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Brain Health and Lifestyle Choices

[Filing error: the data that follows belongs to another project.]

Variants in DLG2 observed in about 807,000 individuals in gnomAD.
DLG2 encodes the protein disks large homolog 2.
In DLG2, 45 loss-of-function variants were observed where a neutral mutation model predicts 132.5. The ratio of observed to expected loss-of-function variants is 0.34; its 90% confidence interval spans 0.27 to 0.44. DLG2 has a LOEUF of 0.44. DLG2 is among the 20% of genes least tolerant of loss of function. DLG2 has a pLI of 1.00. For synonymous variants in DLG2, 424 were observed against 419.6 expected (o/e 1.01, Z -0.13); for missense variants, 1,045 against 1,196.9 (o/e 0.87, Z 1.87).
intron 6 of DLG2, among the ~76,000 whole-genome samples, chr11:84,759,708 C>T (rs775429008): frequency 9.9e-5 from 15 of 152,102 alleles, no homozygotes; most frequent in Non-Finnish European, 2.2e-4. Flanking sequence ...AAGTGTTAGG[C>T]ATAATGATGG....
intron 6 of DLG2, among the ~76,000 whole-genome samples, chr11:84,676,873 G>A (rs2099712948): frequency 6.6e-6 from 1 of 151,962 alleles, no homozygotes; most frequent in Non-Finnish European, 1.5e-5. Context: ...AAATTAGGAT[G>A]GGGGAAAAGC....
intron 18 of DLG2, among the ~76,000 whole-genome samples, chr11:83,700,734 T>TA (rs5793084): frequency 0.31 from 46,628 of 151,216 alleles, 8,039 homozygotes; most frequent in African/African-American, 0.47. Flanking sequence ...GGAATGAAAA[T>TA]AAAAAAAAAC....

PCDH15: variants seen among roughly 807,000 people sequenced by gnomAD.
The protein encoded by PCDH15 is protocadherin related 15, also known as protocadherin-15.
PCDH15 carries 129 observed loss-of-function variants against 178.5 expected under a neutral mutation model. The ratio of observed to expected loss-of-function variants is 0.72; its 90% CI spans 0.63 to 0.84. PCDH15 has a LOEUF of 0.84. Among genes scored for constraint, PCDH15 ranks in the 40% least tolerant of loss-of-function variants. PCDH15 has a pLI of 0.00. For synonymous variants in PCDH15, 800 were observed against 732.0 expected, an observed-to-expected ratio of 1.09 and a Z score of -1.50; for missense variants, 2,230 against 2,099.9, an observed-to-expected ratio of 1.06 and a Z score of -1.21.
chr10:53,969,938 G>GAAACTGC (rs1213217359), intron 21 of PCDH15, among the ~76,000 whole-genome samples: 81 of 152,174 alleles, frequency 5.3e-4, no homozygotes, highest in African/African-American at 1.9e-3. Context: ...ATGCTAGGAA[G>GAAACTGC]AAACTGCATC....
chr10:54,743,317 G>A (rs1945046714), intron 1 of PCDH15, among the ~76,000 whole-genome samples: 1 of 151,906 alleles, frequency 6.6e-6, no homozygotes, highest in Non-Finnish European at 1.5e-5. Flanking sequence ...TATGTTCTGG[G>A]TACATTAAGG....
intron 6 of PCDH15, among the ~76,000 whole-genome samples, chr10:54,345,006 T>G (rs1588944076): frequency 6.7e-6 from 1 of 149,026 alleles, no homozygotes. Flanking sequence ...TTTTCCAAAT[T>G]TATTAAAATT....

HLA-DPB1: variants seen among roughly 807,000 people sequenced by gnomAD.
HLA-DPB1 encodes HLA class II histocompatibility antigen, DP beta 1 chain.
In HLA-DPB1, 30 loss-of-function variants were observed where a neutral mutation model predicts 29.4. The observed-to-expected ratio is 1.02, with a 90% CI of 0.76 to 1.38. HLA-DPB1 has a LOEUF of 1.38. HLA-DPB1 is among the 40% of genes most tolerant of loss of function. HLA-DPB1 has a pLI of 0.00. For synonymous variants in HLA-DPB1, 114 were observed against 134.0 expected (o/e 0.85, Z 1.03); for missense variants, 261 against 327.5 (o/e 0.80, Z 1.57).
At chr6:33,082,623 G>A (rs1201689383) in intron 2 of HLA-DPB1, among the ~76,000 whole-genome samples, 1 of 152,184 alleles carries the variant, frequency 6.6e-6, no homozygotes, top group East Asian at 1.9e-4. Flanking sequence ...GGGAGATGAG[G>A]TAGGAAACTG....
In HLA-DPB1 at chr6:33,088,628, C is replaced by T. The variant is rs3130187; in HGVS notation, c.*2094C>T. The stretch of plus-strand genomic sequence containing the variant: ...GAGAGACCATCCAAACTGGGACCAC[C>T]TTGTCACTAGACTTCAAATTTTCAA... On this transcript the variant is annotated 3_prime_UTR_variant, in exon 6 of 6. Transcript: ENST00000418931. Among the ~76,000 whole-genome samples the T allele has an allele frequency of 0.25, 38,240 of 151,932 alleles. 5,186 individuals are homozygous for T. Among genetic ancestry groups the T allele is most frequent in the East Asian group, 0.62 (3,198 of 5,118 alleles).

Can Your Lifestyle Make a Difference in Brain Health? Brain-health Literacy: A strategy to inspire brain-healthy lifestyles Jesse Rossman, PhD Cornelia Lenherr, MD As we are all aging, this important study on brain health is worth reviewing and taking to heart. I will paraphrase and review for you the findings. “It is now generally acknowledged that the roots of neurodegeneration — that is deterioration in the brain’s nerve and function and structure— begin at least 20-30 years before dementia are noticeable”. While no cure exists, intervention can profoundly affect degeneration and impairment. While Age, genetics and family history are well identified as AD factors, the following play a role in progression. * physical activity * diet * sleep * social support * stress * cognitive stimulation * conditions such as diabetes, heart disease, and head injury Diet and nutrition: Diets consisting of fruits and vegetables, legumes, whole grains, fish and unsaturated fats have shown to have cognitive benefits. Your diet should focus on whole foods and minimizing saturated fats, trans fats and alcohol. Physical exercise: Regular aerobic activity contributes to enhanced executive functioning, improved memory, and increased cerebral blood flow, Bring movement into your life by attending exercise classes, using fitness videos, walking, cycling, swimming, and dancing. Pick activities that are fun and motivating. Stress reduction Chronic stress, anxiety, and sleep disorders contribute to cognitive disfunction and dementia. Participate in stress reducing activities such as meditation, yoga, or mindfulness. Kirta Kriya, for example, is a seated meditation that involves chanting and finger movements. “Twelve minutes a day has been shown to improve cognitive function, cerebral blood flow, neurotransmitter function telomere length, inflammatory markers, mental health, sleep, and psychospiritual well-being”. Cognitive training Engaging in mentally challenging leisure activities is associated with reduced risk of dementia. Participate in computer games, singing or playing in a band, learning a foreign language, memory games, and word puzzles. Activities need to difficult enough to provide a challenge, but not so difficult that you become frustrated or discouraged. I hope that this review will encourage you to rethink your life style and choices.

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